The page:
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Best Spin Off Oil Filter for MK2 Vitesse


Paul H
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Hi , I know this has been covered many times but cant find the info using search .

With Black Friday deals looking to restock on Spin off Oil Filters for my  Mk2 Vitesse - From memory Mann was the best manufacturer - 

Need help with the model ? 

Paul 

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no the filter needs to be as vertical as poss with its entry at the top so that the filter sits full of oil when the engine isnt running. On the Vitesse using the size of filter sold by Paddock etc (the ones I get from Eurocar Parts) the best you can get is an angle of about 45º which is certainly an improvement on the original horizontal design.... 

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1 hour ago, dougbgt6 said:

I have a Halford’s oil catcher, it doesn’t work very well, overflows, so it sits on a B & Q concrete mixing tray which catches it all. Then you got to clean them up! 😀

Doug

'Er indoors was wondering why I was examining Tesco's Turkey Trays the other day... a large rectangular metal tray for £2? Or the deep oval one for £3? She sees Christmas dinner, I see drip trays...

(Having said that, it's not the first time there's been a close similarity between gravy and engine oil....)

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2 hours ago, Paul H said:

Is it worth opening up the old chestnut , spin off filter or original filter , I seem to have collected 5 of the original filters with the Classic Line label 

Paul 

The biggest problem with the old setup was oil draining out which accelerated wear on startup while the filter filled first and then the oil went on into the engine; the intended fitment of an anti-drain modern filter was to make oil circulate almost instantly and thereby prevent bearings running dry. Other than that I don't think there's really any difference in efficiency.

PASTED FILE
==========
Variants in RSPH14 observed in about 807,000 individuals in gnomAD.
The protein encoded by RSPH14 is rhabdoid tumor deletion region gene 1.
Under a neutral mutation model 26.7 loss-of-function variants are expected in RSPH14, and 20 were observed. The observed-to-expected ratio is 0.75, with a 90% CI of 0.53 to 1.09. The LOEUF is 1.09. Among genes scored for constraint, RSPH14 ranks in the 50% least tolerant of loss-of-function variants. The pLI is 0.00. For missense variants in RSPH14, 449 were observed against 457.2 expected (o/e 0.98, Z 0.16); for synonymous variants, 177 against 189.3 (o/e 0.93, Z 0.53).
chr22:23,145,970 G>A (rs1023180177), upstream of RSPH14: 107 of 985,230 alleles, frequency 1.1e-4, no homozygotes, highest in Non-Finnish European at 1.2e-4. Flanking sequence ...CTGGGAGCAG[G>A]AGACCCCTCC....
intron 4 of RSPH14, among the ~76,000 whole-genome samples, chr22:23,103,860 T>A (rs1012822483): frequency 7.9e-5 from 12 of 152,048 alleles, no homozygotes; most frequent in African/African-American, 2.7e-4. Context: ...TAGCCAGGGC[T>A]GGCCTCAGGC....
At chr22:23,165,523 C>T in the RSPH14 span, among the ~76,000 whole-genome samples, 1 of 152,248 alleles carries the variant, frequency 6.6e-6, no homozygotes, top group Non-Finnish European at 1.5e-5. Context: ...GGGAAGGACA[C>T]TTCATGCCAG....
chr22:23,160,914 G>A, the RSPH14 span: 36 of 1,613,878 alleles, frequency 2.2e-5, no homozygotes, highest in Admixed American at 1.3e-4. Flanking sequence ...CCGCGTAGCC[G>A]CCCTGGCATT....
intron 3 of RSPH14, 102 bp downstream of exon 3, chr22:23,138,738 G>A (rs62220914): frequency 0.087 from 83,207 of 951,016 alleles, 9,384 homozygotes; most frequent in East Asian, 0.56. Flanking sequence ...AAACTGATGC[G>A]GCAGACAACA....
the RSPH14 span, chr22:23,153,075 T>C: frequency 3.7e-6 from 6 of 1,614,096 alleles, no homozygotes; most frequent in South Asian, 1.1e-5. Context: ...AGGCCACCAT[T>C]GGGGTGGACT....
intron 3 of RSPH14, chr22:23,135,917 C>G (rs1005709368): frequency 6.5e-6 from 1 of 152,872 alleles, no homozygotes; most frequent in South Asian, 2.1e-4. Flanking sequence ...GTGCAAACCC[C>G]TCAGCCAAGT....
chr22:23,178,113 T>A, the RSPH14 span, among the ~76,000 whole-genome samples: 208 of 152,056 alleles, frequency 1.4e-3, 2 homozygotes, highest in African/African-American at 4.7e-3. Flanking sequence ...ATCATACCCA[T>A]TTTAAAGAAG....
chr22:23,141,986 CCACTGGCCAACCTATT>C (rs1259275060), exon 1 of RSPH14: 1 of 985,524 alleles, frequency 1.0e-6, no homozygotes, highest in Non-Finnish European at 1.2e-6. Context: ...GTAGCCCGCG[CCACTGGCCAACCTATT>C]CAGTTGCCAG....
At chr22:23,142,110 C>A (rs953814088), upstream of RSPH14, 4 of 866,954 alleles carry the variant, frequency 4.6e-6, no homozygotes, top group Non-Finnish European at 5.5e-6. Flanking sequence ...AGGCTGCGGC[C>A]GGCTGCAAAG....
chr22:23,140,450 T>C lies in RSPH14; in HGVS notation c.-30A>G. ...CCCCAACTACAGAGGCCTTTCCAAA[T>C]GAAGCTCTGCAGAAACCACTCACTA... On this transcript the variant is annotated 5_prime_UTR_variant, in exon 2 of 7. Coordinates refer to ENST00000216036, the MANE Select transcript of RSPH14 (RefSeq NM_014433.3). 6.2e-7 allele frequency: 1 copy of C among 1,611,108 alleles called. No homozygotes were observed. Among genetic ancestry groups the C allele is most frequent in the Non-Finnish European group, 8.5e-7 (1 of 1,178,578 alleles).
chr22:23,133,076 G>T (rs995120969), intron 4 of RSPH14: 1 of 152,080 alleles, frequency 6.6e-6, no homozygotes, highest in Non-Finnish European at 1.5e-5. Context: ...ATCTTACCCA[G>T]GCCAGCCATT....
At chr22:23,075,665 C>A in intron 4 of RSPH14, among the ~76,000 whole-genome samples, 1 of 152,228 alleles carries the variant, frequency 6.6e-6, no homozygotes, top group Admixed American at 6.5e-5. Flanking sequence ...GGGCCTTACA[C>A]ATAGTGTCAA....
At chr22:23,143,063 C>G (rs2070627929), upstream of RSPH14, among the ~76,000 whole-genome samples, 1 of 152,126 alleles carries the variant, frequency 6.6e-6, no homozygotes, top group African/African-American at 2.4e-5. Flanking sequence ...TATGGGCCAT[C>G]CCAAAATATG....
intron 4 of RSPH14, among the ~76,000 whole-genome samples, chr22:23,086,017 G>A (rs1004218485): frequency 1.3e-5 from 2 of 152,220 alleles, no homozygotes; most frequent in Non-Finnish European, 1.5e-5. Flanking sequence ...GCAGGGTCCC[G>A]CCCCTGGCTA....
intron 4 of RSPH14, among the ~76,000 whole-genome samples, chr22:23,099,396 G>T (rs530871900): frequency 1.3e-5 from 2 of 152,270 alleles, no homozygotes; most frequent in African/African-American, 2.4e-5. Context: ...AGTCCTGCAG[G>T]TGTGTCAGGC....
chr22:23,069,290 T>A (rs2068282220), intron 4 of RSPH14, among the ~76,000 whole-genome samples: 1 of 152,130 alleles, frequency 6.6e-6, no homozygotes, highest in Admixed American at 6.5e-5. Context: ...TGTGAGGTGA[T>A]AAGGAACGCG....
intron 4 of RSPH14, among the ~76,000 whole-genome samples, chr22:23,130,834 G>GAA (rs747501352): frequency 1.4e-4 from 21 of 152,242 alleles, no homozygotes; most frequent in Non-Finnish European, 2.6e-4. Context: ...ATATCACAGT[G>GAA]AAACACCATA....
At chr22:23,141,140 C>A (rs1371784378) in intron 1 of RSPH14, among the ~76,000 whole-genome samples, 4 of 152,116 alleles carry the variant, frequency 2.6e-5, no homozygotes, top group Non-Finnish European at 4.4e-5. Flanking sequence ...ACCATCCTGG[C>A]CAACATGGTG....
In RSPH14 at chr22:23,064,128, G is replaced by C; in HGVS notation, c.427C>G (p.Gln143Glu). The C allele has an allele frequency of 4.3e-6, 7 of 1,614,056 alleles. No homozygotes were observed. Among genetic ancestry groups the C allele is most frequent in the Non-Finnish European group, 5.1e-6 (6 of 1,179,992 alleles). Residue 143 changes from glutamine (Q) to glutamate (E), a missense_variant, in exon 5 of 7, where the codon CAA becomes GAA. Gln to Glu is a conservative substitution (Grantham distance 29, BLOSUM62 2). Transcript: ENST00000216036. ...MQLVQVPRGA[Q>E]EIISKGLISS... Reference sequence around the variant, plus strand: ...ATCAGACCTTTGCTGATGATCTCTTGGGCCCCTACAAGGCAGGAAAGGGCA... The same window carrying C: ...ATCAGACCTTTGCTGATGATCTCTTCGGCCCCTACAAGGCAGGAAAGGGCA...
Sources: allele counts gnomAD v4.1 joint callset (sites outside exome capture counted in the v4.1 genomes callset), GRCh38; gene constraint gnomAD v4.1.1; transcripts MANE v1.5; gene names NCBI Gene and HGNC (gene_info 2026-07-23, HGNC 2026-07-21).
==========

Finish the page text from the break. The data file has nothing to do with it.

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Not personally, so I'm only regurgitating what I've read about so many times!! 

But: the "Triumph Death Rattle" as it used to be known was a symptom of oil-free bearings on startup and apparently (he quotes others again!!) used to sound quite alarming until the oil circulated. It stands to reason, I suppose, that oiled bearings will last longer than dry ones, so it's a theory, but no source that I've read this evening so far has said just how much more quickly damage occurs. A lot of the books available in more recent years talk about it and how to avoid it, but books of the time never mentioned it - I assume it was just par for the course back then. It has been said that it's fine as long as the engine isn't revved hard before the oil light goes out.

 

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“yes but has anybody really found that their bearings failed sooner because of slow oil pressure build up on starting”

well yes, my second wife, didn’t notice the light was still on. Cost me a new crank. The light was very small and dim, apparently. 😡

Doug

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14 hours ago, johny said: